We will start with the simplest case, namely a frame for the basic modal language, $\mathcal{L}_\omega(1)$, (so with oneunary modal operator, denoted $\Diamond$).

Definition

A frame for $\mathcal{L}_\omega(1)$ is a pair $\mathfrak{F} = (W,R)$ with $W$ a non-empty set and $R$ a binary relation on $W$.

(This is also called a basic Kripke frame, after the philosopher and logician Saul Kripke.)

The terminology often used refers to $W$ as the set of possible worlds. Its elements are sometimes called worlds, sometimes states, sometimes points, depending on the context and the whim of the writer. The relation $R$ is called the accessibility relation so $R w v$ says ‘$v$ is accessible from $w$’.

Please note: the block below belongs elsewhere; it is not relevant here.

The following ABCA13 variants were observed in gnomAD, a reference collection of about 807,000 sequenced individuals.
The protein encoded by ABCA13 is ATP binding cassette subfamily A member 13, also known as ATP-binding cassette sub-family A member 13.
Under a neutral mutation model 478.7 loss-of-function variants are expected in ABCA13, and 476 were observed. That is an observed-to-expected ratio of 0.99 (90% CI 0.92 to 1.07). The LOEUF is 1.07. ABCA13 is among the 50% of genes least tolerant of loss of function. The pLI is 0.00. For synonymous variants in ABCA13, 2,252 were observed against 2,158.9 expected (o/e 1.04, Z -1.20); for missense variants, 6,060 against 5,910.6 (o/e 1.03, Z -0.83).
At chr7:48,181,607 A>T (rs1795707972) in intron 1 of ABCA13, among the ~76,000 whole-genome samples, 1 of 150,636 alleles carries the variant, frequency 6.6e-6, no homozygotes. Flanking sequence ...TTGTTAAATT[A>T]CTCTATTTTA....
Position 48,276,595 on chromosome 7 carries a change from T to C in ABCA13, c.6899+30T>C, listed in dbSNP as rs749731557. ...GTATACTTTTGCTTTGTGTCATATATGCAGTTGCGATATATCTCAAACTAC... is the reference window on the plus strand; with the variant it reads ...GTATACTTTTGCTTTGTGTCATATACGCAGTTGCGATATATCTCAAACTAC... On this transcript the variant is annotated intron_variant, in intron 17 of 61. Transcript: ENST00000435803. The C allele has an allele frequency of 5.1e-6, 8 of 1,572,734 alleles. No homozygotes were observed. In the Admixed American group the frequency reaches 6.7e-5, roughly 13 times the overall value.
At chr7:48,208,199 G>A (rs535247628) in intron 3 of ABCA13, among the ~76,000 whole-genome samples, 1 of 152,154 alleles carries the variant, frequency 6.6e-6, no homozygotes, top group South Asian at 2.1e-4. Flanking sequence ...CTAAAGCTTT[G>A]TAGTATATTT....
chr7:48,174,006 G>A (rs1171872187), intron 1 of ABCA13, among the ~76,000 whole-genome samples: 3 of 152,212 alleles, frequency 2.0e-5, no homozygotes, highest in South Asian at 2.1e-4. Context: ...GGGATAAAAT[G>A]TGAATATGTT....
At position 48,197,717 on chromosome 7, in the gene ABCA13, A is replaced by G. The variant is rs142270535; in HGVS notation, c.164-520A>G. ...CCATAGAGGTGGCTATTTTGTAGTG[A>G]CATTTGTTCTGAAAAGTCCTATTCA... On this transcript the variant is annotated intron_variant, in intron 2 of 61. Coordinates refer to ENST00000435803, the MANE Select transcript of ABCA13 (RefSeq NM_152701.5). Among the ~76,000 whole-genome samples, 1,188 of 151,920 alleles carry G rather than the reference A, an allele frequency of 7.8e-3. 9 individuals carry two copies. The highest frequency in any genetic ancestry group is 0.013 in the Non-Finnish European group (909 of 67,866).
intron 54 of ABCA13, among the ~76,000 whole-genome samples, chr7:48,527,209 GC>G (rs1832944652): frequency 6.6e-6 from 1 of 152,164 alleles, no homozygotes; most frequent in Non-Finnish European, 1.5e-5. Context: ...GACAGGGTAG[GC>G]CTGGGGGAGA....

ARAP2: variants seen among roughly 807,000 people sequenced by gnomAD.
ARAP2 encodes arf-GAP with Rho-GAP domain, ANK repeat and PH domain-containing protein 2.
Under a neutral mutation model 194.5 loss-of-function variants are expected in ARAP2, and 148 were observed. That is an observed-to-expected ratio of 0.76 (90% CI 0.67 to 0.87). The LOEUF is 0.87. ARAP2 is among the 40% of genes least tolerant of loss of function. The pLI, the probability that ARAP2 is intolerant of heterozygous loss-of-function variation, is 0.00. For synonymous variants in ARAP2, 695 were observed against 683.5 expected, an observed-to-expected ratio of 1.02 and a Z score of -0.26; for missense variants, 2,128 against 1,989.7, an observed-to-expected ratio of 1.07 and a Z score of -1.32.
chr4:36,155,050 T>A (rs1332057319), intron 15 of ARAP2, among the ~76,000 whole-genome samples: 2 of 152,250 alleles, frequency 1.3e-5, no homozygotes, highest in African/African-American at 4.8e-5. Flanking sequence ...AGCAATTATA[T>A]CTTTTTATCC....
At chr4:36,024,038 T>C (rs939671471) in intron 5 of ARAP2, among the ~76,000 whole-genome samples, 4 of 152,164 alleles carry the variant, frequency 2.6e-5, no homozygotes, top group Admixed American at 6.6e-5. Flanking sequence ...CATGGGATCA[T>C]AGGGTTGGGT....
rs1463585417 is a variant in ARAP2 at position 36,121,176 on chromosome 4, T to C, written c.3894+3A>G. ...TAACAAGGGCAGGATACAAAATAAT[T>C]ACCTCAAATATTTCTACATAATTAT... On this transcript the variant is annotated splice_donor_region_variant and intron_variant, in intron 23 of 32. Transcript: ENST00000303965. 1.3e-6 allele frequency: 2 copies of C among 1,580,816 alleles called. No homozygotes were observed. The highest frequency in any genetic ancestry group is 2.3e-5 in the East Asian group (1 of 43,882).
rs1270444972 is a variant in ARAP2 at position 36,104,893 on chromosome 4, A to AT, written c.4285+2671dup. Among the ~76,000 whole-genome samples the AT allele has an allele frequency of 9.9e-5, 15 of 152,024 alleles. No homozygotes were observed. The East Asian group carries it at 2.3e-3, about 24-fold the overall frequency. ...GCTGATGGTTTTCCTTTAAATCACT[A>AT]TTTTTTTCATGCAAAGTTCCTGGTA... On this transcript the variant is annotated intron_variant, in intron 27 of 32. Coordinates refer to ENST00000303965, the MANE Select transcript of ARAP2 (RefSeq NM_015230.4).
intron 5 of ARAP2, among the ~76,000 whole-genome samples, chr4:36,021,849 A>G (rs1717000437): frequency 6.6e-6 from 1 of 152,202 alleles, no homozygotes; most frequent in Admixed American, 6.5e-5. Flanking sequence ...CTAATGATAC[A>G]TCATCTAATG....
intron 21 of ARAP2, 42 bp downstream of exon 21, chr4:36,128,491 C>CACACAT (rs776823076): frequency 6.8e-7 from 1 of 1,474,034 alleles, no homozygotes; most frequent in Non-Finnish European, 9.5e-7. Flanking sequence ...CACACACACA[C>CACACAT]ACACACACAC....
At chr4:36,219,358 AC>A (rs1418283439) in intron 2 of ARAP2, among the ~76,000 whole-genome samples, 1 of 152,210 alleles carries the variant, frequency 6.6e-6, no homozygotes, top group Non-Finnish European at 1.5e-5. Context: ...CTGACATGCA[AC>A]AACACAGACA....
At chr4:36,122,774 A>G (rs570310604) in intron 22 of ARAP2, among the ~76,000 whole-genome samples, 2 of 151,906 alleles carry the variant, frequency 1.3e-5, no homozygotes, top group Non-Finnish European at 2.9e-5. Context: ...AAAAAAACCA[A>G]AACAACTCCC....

Frames in Multimodal Logics

(N.B. Here we are still restricting to multimodal logics in which the modal operators are unary. The generalisation to allowing more general $n$-ary modalities will be considered later.)

The generalisation is not difficult. In $\mathcal{L}_\omega(1)$, the single unary modality $\Diamond$ is modeled by one binary relation. In $\mathcal{L}_\omega(n)$, there are $n$-unary modalities so the frames have $n$-binary relations. Explicitly we have

Definition

A frame for $\mathcal{L}_\omega(n)$ is a $(n+1)$-tuple $\mathfrak{F} = (W,\{R_i\}_{\{i=1,\ldots, n\}})$ with $W$ a non-empty set and for each $i=1,\ldots, n$, $R_i$ a binary relation on $W$.

(More to go here … frames with unary and more general relations.)